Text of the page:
Linnaean quanta

linnaeus

 

Linnaean quanta

The thing about Phylums and Classes and Orders and all:
They don’t really mean very much, from a-one to another –
They don’t show a definite border or wall,
Except that each member within is a brother.
But how shall we simply compare, say, a Fam’ly of fishes
With Fam’lies of insects or fungi, or some other race –
For nature won’t readily yield to our wishes
For systems and schemes with all life in its place.

What’s needed are rankings that indicate something specific,
Like maybe the age when such clades were diverging anew –
There must be a way to be more scientific
That merely to shrug and decide “this’ll do”.
Then maybe some Kingdoms or Phylums will prove to be hoarders,
While others lack class in their Classes, now under-supplied.
So finally, let’s bring an order to Orders,
And give ev’ry Genus some Family pride.

 

It always struck me that the Linnaean ranks would be more useful if either all of their inhabitants shared a minimum percentage of genes, or alternatively that they were diverging at roughly the same time as all the others of that rank.

 

 

Do Kings Play Chess on Fine Green Silk ?

chess

 

Do Kings Play Chess on Fine Green Silk ?

Henry moves his vertebrates,
And Louis tunes his tunicates,
While Malcolm swims his sharks and skates
To battle Olaf’s ranks of starfish pawns.
Boris risks bacillus rods
To fight with Oskar’s fungal squads,
As Richard launches octopods
To counter Philip’s shrimp-less group of prawns.
So James arrays his gymnosperms,
Like Ferdinand his cyan germs,
And Otto’s nematody worms,
At Charles’ yet-to-be-discovered spawns.

 

I should point out that the title is a mnemonic for the Linnaean ranks of life: Domain, Kingdom, Phylum, Class, Order, Family, Genus & Species.  Actually, Domain is a relatively new addition, and plants have Divisions instead of Phylums (or Phyla if you’re a pedant), and the whole thing now looks hopelessly simplistic in the wake of cladistics, but it’s still a handy starting-point.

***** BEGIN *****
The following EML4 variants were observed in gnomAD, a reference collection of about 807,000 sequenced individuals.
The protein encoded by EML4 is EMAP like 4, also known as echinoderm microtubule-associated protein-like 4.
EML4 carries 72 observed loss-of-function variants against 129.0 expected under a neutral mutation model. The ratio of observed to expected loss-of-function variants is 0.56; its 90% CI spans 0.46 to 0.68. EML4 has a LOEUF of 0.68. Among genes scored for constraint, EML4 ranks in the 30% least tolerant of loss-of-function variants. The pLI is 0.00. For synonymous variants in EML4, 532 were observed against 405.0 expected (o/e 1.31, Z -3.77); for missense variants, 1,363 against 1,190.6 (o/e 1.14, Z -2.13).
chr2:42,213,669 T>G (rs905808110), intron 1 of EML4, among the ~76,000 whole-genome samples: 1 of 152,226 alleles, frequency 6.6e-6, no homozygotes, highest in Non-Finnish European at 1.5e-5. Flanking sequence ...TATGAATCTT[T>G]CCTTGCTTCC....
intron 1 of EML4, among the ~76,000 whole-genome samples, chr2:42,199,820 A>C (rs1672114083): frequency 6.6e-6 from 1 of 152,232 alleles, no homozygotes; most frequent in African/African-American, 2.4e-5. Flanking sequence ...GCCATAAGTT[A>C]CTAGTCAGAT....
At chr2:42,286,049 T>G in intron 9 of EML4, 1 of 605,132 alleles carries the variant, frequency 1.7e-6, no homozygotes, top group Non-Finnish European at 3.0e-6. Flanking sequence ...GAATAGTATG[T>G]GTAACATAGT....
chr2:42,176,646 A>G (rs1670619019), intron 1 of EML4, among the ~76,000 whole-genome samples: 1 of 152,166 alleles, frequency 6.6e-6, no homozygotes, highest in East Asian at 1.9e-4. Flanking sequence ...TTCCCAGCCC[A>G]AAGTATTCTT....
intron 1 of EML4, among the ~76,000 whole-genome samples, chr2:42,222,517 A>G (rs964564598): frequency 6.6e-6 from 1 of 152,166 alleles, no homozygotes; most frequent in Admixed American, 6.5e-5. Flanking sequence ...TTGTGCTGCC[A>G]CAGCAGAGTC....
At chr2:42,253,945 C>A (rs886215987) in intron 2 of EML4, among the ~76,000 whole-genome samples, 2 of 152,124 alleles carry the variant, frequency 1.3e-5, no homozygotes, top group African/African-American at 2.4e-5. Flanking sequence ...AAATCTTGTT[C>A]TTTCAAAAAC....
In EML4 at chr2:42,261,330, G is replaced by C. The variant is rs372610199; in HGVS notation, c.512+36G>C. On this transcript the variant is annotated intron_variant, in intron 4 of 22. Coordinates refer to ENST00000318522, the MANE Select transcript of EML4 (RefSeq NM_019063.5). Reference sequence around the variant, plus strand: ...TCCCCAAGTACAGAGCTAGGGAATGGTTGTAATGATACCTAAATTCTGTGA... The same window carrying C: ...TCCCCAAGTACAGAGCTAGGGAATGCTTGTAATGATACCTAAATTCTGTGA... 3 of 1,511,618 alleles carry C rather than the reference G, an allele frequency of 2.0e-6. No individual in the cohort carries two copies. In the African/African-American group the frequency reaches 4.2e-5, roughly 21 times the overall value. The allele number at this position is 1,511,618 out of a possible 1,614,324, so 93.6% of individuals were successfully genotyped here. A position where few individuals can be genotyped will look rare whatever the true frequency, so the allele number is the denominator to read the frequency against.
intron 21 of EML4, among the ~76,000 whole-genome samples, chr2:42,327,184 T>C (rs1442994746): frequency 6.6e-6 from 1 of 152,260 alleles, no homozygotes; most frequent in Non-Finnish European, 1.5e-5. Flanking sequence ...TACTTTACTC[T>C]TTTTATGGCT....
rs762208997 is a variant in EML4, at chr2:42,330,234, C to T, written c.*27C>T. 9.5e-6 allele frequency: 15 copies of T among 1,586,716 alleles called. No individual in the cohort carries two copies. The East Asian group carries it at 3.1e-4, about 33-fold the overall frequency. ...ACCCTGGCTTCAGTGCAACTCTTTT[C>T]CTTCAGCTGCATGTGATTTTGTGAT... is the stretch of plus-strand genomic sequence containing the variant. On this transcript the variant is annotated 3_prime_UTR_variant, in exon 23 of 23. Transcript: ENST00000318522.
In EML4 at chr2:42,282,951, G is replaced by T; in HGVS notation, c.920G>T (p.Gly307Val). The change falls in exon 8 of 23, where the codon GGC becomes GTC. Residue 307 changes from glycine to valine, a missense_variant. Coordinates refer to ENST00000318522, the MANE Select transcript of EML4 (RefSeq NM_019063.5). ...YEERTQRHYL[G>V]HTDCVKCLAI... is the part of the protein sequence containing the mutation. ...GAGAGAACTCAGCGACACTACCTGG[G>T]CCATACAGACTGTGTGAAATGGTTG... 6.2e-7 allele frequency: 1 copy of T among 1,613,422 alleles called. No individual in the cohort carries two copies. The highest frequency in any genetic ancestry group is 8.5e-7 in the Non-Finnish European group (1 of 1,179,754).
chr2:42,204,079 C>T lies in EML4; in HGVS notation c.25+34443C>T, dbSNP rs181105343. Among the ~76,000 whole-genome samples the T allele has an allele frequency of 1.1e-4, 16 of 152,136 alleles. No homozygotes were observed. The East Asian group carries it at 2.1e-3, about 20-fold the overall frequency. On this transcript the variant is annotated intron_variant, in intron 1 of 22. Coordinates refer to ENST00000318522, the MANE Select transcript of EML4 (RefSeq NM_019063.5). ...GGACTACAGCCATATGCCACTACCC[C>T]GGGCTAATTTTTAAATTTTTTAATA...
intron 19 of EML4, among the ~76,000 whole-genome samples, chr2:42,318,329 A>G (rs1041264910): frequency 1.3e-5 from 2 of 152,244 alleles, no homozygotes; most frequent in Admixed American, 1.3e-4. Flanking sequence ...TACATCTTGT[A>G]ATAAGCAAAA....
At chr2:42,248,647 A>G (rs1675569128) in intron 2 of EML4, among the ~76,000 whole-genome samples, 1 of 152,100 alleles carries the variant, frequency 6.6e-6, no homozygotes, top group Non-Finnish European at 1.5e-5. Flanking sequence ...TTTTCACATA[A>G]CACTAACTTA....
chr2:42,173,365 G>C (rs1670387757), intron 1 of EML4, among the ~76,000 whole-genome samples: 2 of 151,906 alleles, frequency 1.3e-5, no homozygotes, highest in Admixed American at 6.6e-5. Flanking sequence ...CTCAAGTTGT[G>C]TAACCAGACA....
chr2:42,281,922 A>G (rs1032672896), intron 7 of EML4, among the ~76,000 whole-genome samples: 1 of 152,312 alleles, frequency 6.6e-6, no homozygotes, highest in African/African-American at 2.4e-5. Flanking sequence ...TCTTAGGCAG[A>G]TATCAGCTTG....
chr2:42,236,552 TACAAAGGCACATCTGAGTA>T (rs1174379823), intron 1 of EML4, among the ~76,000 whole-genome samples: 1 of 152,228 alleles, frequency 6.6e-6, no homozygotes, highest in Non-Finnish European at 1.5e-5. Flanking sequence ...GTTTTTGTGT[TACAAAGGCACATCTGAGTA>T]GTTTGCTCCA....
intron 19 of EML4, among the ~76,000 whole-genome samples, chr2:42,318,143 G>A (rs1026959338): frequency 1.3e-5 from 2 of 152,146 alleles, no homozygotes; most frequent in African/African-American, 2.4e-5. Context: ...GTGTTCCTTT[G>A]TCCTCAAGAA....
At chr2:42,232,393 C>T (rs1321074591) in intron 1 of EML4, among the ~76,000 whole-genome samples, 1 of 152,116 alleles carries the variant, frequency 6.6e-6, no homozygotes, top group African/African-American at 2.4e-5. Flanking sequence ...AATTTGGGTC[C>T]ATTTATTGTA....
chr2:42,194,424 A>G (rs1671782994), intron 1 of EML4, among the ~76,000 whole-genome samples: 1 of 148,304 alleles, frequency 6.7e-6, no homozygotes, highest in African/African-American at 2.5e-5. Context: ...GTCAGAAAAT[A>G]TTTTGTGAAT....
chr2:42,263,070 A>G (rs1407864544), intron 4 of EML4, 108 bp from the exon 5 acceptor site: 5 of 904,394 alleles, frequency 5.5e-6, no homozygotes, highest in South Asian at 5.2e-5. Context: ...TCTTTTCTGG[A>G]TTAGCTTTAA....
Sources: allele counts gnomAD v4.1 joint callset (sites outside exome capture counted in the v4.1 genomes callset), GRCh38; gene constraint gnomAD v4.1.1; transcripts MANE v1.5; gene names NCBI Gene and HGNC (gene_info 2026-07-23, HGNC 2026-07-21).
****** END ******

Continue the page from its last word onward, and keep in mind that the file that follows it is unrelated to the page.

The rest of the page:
Cattle Prattle

large bison
Photo by Pixabay on Pexels.com

 

Cattle Prattle

Are Water- and Cape- the more closely related ?
Who knows ?
Why are those ‘true’ while the Bison are ‘false’ ?
I say they all are true buffaloes !
You label the grouping as polyphyletic,
Like ‘shrew’ –
But what does it matter their genes, when we’re talking
Of big things with horns that go moo ?

So pedants and cladists may mutter and sleight,
But Buffalo Gals, won’t you come out tonight ?

And did you know twenty-five cities and towns
Disagree ?
And how many towns in the States are called Bison ?
Well well, only three !
So don’t try and tell me I can’t call the bison
All ‘buffaloes’, mate !
Cos Buffalo Soldiers and Buffalo Bill,
And Buffalo Springfield and Buffalo Twill,
And the Buffalo Wings at the Buffalo Grill,
Tell me you’re way way too late.

So pedants and cladists may grumble and snide,
But Buffalo Gals go round the outside.

 

 

Two-Tone Margarets

magpies 1
Magpies by maineexile

 

Two-Tone Margarets

Magpie, magpie, all upon your lonely,
Have you an omen or an auspice to portend ?
Tell me, oh magpie, perched all one and only,
What do you impart, my fortune-casting friend ?

Magpies, magpies, twosome in my setting,
Have you an omen or an auspice to bestow ?
Tell me, oh magpies, the pair of you abetting,
What do you impart – am I set for joy or woe ?

Magpies, magpies, thrice upon my vision,
Have you an omen or an auspice to enprime ?
Tell me, oh magpie, a trio on your mission,
What do you impart for my future-coming time ?

Magpies, magpies, four of you here gathered,
Have you an omen or an auspice for my mood ?
I tell you, oh magpies, I think your signs are blathered,
You’ve nothing to impart – you’re too busy finding food.

 

 

Attacat

signal box
Yeovil Pen Mill Cat & Signal Box by Tim Jones

 

Attacat

There is a cat who watches trains
And makes his home in signal boxes,
Lives beneath the weathered gables,
Catches rats who chew the cables.
Grey, he is, with smoky grains
That fleck his coat the way of foxes,
’Cept the tramlines down his back
Which earn his name of Clickerclack.
They shine out silver, brow to rump
They even bear the marks for sleepers;
Branded thus, his fate assured
His working for the Railways Board.
So where a plague of rodents clump
Within the homes of signal-keepers –
Unannounced by midnight freight
Comes Clickerclack to extirpate.
He bites, he claws, he chews in half
And shreds them into vermicelli –
Drives them out and leaves his scent
To fright them off resettlement.
And when his work is done, the staff
Will feed him fish and rub his belly.
Then it’s off to boxes new
Aboard the 07:22.